The following paragraph gives a synopsis of the film and introduces the audience to the main characters:

“Meanwhile, the heart of the film itself belongs to Aibileen Clark (Viola Davis) and Minny Jackson (Octavia Spencer), the two very different maids and best friends at the center of the story.”
“‘The Help’ joins everything from “To Kill a Mockingbird’’ to “The Blind Side’’ as another Hollywood movie that sees racial progress as the province of white do-gooderism.”
“And yet here’s the question you ask as you watch a black actor in 2011 play a white lady’s maid, decades and decades after that was the only job a black woman in Hollywood could get. What went through the minds of Davis, Spencer, and Aunjanue Ellis, who plays Hilly’s maid, as they put on those uniforms and went to work?”
“These are strong figures, as that restaurant owner might sincerely say, but couldn’t they be strong doing something else?”
“On one hand, it’s juicy, heartwarming, well-meant entertainment. On the other, it’s an owner’s manual.”

6. “Me Without You” by Stephen Hunter

This movie review example also tells a story although it’s not personal.

“Friendship isn’t rocket science. It’s much harder.”
“Oh, yeah, it’s easy to say just be loyal and true and that makes you a good friend. But suppose the other person does something that really irks you, like chew gum or vote Democratic?”
“And that thorniness, that dark underbelly of it, is the gist of the acerbic British import ‘Me Without You…'”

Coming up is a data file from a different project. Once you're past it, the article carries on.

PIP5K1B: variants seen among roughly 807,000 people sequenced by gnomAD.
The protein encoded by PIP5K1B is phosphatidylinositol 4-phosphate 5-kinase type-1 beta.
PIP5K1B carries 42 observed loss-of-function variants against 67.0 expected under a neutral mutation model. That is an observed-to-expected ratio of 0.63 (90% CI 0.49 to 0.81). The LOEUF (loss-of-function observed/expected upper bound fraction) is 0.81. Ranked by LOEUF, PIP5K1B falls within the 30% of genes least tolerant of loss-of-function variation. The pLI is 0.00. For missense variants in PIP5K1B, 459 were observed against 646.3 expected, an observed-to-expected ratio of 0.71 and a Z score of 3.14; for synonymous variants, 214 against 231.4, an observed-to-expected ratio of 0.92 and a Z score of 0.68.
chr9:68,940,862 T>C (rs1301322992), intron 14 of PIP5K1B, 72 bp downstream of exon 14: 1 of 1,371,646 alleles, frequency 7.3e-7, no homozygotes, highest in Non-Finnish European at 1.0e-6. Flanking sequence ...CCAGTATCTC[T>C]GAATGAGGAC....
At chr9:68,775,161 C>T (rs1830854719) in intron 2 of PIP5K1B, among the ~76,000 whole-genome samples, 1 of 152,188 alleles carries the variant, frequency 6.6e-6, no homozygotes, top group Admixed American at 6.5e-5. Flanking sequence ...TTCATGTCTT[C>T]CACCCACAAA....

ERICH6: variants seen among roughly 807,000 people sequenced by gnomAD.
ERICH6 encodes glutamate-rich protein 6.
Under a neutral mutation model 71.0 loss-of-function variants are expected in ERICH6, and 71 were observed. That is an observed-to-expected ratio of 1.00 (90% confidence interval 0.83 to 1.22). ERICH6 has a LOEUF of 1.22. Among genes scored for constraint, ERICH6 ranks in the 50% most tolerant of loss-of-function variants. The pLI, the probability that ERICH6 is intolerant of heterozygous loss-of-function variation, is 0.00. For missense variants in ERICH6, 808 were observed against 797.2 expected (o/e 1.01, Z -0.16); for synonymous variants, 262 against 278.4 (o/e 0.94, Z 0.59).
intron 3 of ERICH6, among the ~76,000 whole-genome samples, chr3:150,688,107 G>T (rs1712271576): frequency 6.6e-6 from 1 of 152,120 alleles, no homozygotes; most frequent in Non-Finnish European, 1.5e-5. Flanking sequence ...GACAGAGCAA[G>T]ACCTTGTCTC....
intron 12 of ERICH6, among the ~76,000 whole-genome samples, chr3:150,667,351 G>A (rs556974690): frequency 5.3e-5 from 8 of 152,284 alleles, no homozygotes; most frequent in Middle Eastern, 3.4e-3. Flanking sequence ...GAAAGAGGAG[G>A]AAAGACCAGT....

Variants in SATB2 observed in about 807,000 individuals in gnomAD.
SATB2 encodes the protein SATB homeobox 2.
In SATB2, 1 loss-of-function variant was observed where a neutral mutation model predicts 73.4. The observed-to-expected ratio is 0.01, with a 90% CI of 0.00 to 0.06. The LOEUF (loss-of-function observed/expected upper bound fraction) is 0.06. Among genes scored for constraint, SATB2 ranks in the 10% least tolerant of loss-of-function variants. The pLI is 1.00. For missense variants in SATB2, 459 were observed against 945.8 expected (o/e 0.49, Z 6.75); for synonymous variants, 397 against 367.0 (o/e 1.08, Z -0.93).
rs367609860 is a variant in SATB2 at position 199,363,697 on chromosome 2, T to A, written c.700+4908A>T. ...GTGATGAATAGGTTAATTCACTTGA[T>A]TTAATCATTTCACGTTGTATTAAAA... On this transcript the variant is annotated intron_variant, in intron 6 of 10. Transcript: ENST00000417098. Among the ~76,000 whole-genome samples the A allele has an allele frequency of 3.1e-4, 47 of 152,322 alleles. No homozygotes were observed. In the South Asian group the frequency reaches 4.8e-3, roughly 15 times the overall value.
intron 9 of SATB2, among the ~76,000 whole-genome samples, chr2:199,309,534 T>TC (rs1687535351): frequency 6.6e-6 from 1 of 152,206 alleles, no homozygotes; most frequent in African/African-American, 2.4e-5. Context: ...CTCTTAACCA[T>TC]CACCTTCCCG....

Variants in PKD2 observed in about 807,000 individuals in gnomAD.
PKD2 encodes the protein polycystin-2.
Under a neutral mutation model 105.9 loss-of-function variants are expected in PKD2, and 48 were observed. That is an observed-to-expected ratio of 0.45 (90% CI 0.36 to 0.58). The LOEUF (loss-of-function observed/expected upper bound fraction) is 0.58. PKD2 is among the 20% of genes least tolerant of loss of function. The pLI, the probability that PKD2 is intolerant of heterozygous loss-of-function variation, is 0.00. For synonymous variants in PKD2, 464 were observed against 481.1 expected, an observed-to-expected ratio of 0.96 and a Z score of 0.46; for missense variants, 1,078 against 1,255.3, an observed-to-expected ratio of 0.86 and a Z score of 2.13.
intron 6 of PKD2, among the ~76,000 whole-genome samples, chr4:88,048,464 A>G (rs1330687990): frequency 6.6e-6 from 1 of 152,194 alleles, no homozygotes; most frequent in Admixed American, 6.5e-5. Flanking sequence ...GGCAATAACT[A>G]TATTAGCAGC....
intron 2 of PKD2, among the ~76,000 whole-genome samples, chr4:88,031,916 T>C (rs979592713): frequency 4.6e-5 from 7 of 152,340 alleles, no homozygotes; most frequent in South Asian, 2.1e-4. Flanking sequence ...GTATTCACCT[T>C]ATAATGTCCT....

“But the truth is, of course, that friendship matters to those of us who still claim membership in the human race…”

READ THE FULL REVIEW OF ME WITHOUT YOU BY STEPHEN HUNTER (Under the title: ‘Me’: Friendship as Relationship)

The Unconventional Movie Review

7. “et” by roger ebert.

“Dear Raven and Emil: Sunday we sat on the big green couch and watched “E.T. The Extra-Terrestrial” together with your mommy and daddy.”
“The camera watches Elliott moving around. And Raven, that’s when you asked me, “Is this E.T.’s vision?” And I said, yes, we were seeing everything now from E.T.’s point of view.”

Ebert uses this opportunity to make a simplified analysis of the director’s use of POV in the movie, praising the film’s direction without losing the context of a grandfather’s letter.

“Some other filmmaker who wasn’t so good might have had subtitles saying, “E.T.? Are you out there? It’s Mommy!” But that would have been dumb.”
“Well, that’s it for this letter. We had a great weekend, kids. I was proud of how brave you both were during your first pony rides. And proud of what good movie critics you are, too. Love, Grandpa Roger”

8. “Spider-Man Into the Spider-Verse” by IMO Flicks

I approached the film this way because I was tired of reviewing Marvel Superhero films but the thought of writing it as an out-of-touch grandma made the review so much more fun and less pressure-filled, even if it’s really not the most straightforward or informational read.

“My granddaughter told me to rate this spider film [ Spider-Man: Across the Spider-Verse ] out of 10 points. I initially wanted to give it 4 points out of 10… Apparently, my grandchildren think this rating is ridiculous. One of my grandsons almost threw a chair. He gave the film a 200/10, claiming it’s one of the best films he’s ever seen.”

The Self-Aware Review

9. “manchester by the sea” by ty burr.

This movie review example of Manchester By the Sea wants to encourage you to watch the movie but doesn’t want your expectations so high that you don’t experience the same subtle unexpected magic that the movie works on viewers.

“Nothing destroys an audience’s appreciation of a small good movie like advance praise.”
“So I won’t tell you that I’ve seen “Manchester by the Sea” twice now and both times felt haunted for weeks.”